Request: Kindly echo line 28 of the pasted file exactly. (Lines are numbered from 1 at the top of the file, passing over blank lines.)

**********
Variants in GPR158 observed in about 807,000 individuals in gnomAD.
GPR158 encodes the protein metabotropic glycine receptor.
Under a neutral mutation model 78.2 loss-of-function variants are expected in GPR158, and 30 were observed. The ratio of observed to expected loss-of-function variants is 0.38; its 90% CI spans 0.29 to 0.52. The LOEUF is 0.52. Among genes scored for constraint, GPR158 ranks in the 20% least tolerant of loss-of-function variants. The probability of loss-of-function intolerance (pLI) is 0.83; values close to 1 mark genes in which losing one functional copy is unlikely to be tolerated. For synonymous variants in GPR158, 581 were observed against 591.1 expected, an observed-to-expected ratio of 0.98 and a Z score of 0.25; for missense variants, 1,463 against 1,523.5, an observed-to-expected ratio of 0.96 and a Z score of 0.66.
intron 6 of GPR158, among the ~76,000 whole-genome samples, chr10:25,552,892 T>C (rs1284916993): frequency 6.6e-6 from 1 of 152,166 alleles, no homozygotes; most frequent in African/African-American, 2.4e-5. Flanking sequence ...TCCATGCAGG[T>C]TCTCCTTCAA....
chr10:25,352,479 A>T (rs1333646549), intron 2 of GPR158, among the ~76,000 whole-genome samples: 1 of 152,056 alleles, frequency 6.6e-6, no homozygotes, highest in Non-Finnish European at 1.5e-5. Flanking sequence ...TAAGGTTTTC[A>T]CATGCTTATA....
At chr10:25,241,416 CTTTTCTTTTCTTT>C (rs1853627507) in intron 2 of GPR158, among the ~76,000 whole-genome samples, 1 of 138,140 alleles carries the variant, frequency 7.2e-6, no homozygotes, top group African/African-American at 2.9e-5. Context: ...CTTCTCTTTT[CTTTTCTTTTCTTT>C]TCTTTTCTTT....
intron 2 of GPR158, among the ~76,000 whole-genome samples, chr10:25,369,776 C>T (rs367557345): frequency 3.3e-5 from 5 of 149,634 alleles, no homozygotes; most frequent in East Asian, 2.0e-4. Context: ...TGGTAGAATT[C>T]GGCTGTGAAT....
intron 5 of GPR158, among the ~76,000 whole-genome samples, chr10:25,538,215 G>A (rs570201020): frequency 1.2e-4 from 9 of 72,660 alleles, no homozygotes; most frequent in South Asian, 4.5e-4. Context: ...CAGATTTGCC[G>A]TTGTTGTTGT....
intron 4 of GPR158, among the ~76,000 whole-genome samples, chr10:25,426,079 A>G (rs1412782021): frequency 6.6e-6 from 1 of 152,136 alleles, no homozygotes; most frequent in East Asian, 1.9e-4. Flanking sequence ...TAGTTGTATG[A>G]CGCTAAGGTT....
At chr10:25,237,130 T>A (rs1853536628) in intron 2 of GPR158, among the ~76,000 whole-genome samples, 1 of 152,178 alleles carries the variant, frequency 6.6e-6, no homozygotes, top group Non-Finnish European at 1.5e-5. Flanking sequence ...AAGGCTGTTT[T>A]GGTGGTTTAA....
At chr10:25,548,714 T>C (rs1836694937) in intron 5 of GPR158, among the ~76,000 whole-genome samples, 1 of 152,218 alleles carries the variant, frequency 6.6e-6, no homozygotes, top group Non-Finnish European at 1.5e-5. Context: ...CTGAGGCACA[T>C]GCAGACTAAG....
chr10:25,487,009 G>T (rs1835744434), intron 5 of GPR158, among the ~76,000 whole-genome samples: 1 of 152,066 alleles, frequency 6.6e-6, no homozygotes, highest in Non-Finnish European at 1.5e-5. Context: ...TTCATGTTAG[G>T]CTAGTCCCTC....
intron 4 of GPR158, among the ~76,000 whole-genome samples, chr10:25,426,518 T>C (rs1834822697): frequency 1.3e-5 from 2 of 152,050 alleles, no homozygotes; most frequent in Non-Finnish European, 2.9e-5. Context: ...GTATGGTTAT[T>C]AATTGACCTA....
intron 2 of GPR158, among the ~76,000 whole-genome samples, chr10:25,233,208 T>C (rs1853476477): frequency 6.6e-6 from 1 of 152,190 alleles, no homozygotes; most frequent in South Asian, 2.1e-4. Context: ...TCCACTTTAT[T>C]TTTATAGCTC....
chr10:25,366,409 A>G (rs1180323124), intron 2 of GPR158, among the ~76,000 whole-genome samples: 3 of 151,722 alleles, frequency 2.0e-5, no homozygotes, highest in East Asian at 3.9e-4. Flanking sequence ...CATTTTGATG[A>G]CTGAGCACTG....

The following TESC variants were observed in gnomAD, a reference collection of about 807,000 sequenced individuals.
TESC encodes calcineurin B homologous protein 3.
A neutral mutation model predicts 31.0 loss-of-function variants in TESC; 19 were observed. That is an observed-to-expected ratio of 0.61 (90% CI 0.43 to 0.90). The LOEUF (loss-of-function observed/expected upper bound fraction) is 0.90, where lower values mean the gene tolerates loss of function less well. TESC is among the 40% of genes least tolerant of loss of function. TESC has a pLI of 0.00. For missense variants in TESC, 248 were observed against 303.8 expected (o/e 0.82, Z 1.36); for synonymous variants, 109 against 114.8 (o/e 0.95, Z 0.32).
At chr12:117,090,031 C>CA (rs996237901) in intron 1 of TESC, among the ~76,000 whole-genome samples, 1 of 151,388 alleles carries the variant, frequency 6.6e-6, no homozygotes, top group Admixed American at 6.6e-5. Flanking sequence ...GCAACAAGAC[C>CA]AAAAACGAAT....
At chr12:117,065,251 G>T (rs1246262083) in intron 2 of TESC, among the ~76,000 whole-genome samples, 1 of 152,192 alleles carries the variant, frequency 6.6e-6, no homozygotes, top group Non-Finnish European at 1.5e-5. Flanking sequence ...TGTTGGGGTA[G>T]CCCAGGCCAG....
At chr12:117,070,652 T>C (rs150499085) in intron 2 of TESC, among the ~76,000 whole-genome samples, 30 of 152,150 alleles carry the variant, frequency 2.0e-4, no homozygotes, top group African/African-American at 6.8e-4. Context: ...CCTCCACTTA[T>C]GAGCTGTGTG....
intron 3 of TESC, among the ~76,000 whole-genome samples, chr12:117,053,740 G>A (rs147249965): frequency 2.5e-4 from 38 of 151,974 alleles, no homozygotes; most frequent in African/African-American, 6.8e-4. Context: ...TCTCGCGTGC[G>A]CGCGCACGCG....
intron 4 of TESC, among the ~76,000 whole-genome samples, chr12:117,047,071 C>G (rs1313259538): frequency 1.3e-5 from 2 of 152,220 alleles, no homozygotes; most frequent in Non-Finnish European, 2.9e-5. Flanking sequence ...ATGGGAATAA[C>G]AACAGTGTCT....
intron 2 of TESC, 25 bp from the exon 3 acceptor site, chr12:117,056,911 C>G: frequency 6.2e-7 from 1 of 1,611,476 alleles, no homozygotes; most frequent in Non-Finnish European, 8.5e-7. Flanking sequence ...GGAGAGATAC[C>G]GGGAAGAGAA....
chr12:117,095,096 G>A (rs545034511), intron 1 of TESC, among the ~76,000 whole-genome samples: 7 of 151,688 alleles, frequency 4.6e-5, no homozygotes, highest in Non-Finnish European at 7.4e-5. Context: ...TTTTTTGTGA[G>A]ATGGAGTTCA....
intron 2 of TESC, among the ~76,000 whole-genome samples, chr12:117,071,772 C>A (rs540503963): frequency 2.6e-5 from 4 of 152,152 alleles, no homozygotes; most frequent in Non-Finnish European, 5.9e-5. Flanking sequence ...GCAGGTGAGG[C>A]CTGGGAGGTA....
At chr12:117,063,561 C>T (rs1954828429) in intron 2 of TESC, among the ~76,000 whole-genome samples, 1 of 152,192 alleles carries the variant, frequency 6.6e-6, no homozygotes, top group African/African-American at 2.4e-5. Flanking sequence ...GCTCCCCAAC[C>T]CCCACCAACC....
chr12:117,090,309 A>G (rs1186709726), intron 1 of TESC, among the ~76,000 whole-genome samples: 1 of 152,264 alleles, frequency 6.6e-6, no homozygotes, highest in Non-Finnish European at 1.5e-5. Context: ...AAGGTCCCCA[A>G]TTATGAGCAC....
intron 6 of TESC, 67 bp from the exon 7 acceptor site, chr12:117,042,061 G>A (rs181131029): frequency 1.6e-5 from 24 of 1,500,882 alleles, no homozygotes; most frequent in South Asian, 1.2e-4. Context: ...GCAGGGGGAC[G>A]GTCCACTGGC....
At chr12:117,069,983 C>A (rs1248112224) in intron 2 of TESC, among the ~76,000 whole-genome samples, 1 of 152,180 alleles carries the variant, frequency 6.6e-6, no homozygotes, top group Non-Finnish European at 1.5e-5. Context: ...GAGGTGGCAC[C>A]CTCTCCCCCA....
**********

chr12:117,090,309 A>G (rs1186709726), intron 1 of TESC, among the ~76,000 whole-genome samples: 1 of 152,264 alleles, frequency 6.6e-6, no homozygotes, highest in Non-Finnish European at 1.5e-5. Context: ...AAGGTCCCCA[A>G]TTATGAGCAC....